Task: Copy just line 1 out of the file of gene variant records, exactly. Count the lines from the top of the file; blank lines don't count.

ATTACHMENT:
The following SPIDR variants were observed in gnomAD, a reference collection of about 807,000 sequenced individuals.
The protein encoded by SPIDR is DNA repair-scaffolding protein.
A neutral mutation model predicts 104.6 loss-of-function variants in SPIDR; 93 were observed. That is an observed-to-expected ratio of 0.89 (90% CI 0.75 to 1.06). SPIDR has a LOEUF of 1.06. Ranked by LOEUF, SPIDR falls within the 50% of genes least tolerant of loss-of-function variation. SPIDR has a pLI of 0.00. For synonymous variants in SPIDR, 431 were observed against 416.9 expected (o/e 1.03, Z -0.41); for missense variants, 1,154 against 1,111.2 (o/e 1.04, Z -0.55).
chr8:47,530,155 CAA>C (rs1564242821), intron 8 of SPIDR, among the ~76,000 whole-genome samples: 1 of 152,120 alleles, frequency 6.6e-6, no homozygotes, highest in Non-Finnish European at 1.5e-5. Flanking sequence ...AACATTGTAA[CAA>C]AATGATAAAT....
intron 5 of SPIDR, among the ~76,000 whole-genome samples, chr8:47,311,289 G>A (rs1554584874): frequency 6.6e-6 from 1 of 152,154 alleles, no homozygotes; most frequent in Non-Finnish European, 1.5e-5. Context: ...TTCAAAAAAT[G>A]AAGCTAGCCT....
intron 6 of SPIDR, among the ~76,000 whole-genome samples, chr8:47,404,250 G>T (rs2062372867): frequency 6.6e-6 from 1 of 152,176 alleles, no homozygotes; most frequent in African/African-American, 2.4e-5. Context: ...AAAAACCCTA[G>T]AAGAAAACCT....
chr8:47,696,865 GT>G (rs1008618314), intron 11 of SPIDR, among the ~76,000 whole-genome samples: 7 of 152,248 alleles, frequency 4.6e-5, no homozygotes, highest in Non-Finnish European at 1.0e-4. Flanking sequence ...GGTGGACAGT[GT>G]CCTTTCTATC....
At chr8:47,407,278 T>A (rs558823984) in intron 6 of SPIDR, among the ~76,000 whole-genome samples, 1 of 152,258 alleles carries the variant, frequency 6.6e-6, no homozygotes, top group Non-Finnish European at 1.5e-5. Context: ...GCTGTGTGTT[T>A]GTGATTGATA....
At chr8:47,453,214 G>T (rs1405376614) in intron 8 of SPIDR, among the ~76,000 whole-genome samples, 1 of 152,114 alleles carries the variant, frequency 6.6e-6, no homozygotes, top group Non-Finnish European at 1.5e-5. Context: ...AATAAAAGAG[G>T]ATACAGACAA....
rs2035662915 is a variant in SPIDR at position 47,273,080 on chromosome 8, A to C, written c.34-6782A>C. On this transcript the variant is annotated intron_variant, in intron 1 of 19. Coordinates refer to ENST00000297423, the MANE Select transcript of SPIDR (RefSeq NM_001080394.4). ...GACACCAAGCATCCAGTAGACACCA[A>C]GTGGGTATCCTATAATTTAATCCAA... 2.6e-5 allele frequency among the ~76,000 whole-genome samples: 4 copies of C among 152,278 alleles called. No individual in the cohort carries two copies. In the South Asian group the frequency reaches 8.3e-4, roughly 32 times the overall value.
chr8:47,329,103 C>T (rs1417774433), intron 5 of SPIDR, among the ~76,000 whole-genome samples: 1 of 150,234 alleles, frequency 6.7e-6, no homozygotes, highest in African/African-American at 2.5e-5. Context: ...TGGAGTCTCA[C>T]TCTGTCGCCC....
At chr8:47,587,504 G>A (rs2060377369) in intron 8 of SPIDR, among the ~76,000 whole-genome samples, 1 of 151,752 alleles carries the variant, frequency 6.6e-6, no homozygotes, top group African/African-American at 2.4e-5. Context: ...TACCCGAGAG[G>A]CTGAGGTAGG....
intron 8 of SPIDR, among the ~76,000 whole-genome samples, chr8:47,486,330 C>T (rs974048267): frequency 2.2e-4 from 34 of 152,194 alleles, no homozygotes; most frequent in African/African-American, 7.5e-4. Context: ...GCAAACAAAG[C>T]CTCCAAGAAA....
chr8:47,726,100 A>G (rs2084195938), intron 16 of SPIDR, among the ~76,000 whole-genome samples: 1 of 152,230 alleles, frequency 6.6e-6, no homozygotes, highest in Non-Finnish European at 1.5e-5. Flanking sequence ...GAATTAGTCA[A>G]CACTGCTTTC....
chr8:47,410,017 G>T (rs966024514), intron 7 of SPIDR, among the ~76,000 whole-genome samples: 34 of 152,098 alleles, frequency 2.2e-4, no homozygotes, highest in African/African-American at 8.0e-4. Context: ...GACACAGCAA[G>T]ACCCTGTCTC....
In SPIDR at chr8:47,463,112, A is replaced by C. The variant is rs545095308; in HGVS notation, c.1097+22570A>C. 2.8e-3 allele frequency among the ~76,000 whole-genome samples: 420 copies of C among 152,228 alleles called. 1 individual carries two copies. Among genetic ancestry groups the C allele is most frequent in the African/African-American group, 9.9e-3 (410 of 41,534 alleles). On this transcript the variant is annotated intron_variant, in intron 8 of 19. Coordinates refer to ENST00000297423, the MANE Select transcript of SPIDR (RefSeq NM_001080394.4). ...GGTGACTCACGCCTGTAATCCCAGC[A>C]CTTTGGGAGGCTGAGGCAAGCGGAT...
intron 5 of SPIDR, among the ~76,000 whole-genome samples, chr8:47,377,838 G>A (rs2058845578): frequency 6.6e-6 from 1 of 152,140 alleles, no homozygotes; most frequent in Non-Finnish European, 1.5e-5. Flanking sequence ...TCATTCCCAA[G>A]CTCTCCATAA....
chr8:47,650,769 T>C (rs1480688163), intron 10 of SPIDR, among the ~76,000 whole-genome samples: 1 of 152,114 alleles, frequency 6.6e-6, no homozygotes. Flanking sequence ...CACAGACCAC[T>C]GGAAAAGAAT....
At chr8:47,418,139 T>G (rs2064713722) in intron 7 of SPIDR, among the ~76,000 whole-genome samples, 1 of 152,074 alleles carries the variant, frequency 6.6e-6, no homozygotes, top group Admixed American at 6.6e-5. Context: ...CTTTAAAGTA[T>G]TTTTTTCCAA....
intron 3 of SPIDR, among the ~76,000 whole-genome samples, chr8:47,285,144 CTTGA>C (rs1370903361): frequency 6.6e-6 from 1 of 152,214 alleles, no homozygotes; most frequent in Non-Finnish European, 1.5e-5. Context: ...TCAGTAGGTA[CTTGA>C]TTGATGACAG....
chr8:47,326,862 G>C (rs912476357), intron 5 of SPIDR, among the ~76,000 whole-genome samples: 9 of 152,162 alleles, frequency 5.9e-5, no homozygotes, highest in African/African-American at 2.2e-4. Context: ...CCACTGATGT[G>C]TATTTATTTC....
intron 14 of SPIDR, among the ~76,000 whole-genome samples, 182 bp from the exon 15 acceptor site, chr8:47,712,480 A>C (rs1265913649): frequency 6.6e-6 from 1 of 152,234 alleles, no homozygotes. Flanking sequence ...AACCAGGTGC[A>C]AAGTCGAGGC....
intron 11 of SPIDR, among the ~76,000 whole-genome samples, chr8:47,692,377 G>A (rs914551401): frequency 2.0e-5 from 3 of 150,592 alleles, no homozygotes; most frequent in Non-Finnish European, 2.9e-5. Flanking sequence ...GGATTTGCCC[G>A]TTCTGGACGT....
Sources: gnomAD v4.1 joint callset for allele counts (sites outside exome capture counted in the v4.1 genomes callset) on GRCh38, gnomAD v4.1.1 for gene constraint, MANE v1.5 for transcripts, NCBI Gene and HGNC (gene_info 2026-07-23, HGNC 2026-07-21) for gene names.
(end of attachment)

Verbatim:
The following SPIDR variants were observed in gnomAD, a reference collection of about 807,000 sequenced individuals.